- THE MAGAZINE
Regardless of where you fall in the political spectrum, you are likely looking forward to a change in Washington. If you are a business owner or manager, you are especially excited by the prospects of a new cadre of leaders generating optimism among consumers.
I am right there with you. Consumer confidence is the lynchpin to fixing our broken economy.
Here’s an example of how this works. Today I got a call from XM Radio, touting its new offerings from its merger with Sirius Satellite Radio. This is at least the third call from XM since I let my free trial expire a couple months ago.
They offered me a sweet deal. They were discounting their service even further than the “half off the first year” deal they originally offered. Now, they wanted to restore my old service, plus give me 40 additional channels, for just $3.99/month.
I actually thought their service was pretty cool. Catching a few laughs on the Blue Collar Comedy channel is a nice perk when so much negative news is at hand. But I turned them down.
Hence, I am part of the problem. People representing companies with good products are hearing the word “no” to even the very best offers. Like dominos falling, each “no” leads to more pessimism.
My colleague Dan Murfey, publisher of Site Prep magazine, just returned from the Association of Equipment Distributors-Condex show in San Diego. Although attendance was down, cautious optimism was up. Why?
Dan explained that President Obama’s stimulus program promising a massive public works program has given construction equipment manufacturers hope. Many are projecting that the second half of 2009 will produce an increase in orders for backhoes, skid steers, excavators and more. This kind of optimism will go a long way to regaining economic momentum. The more people say yes to buying products and services, the more our economy will rebound.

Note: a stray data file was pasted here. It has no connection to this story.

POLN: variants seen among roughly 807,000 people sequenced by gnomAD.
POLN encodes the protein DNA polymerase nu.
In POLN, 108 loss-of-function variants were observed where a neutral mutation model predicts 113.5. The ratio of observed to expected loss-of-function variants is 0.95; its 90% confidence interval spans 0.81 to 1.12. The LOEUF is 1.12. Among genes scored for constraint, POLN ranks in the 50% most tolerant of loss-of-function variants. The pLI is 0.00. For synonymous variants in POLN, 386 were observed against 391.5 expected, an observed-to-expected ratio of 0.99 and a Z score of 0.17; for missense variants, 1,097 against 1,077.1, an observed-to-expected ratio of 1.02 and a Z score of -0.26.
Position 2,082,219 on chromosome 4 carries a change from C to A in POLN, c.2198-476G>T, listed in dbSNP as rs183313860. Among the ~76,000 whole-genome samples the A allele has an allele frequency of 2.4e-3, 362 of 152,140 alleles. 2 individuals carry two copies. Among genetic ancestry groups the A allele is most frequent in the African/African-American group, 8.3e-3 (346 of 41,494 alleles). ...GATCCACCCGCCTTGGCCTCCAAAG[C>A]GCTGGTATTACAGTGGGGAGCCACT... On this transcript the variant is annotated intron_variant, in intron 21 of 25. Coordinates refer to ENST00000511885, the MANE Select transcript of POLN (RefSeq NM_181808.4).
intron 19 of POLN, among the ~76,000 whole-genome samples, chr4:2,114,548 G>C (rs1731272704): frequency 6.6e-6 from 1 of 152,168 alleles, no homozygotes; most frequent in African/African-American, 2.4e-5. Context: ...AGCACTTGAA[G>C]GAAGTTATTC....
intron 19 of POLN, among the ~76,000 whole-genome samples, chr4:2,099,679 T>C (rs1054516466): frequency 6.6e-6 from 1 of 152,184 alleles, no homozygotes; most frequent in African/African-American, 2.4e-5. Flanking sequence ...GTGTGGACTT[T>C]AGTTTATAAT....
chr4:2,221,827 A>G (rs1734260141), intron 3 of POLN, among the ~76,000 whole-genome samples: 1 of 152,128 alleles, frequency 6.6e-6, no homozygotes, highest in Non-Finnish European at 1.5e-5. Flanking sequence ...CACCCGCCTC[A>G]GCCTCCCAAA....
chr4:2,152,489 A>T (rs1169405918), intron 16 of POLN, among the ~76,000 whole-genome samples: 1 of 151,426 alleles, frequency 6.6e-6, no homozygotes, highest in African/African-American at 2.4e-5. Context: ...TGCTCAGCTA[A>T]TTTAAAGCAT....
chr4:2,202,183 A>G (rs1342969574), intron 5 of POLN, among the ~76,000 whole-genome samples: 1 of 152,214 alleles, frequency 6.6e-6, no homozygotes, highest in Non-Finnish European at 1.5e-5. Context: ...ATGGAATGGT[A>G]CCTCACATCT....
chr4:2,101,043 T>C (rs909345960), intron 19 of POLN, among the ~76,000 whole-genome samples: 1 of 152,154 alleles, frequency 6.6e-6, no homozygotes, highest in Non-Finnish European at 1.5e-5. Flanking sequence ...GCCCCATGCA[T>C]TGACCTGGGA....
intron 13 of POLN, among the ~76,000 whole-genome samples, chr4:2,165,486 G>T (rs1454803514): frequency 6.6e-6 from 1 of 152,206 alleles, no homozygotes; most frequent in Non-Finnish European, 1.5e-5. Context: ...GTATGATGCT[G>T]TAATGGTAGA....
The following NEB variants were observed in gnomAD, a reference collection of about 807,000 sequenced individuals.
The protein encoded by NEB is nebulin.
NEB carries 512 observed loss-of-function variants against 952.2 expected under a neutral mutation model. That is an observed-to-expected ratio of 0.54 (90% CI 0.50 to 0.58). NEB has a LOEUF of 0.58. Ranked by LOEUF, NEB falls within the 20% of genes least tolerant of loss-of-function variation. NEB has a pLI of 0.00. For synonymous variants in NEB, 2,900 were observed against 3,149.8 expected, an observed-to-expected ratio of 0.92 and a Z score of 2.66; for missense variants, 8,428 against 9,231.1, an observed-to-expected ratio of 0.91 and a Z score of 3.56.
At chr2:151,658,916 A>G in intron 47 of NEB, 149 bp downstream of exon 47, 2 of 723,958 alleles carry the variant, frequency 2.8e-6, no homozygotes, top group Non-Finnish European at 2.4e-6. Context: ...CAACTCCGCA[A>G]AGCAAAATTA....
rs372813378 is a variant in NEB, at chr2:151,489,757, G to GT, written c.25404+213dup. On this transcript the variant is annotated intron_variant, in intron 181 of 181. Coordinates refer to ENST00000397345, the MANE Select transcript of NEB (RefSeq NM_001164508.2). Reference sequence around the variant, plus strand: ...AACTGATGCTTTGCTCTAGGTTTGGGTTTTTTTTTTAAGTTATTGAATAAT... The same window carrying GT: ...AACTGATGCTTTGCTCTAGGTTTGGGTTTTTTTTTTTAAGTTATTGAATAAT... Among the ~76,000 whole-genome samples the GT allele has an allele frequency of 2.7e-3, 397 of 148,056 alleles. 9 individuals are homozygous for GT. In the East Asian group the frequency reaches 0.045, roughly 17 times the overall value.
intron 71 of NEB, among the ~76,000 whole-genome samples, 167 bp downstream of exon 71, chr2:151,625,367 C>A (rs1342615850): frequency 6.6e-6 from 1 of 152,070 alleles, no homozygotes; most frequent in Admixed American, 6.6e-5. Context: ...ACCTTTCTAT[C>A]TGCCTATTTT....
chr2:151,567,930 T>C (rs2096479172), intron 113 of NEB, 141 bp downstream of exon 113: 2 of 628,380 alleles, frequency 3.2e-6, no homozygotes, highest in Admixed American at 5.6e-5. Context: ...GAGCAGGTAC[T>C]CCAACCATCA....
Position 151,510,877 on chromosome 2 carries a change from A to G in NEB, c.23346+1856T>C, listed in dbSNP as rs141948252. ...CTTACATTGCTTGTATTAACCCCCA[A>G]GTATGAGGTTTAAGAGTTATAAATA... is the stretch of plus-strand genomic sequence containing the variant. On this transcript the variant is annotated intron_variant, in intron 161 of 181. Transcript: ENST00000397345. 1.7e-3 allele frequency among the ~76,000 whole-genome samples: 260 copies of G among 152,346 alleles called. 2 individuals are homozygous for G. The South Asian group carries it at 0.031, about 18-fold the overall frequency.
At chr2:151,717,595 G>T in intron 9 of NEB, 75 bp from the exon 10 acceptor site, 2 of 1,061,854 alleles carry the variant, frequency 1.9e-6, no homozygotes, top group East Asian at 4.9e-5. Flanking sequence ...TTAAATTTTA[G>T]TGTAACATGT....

Unfortunately, there are footnotes to this theory, as noted by the pundits who populate our airwaves. One observer commented that public works projects for infrastructure like roads, bridges and water systems are notoriously slow to develop. These projects often take years-not months-to complete. We might not see any measureable stimuli to our economy until 2010 or 2011.
Another pundit took shots at the “green jobs” President Obama hopes to create. The pundit claimed that goals for green job creation dwarf the ability of industries like solar and alternative energy to absorb new workers at a viable pace.
Skeptics might have a point. Can well-intentioned federal job-creation programs really meet the lofty expectations? I’ll bet my new Obama commemorative plate that many of these programs will be busts. But some may work beyond our dreams.
What about you? With our new leadership in Washington promising change and hope, are you ready to buy products and services that you’ve postponed purchasing in recent months?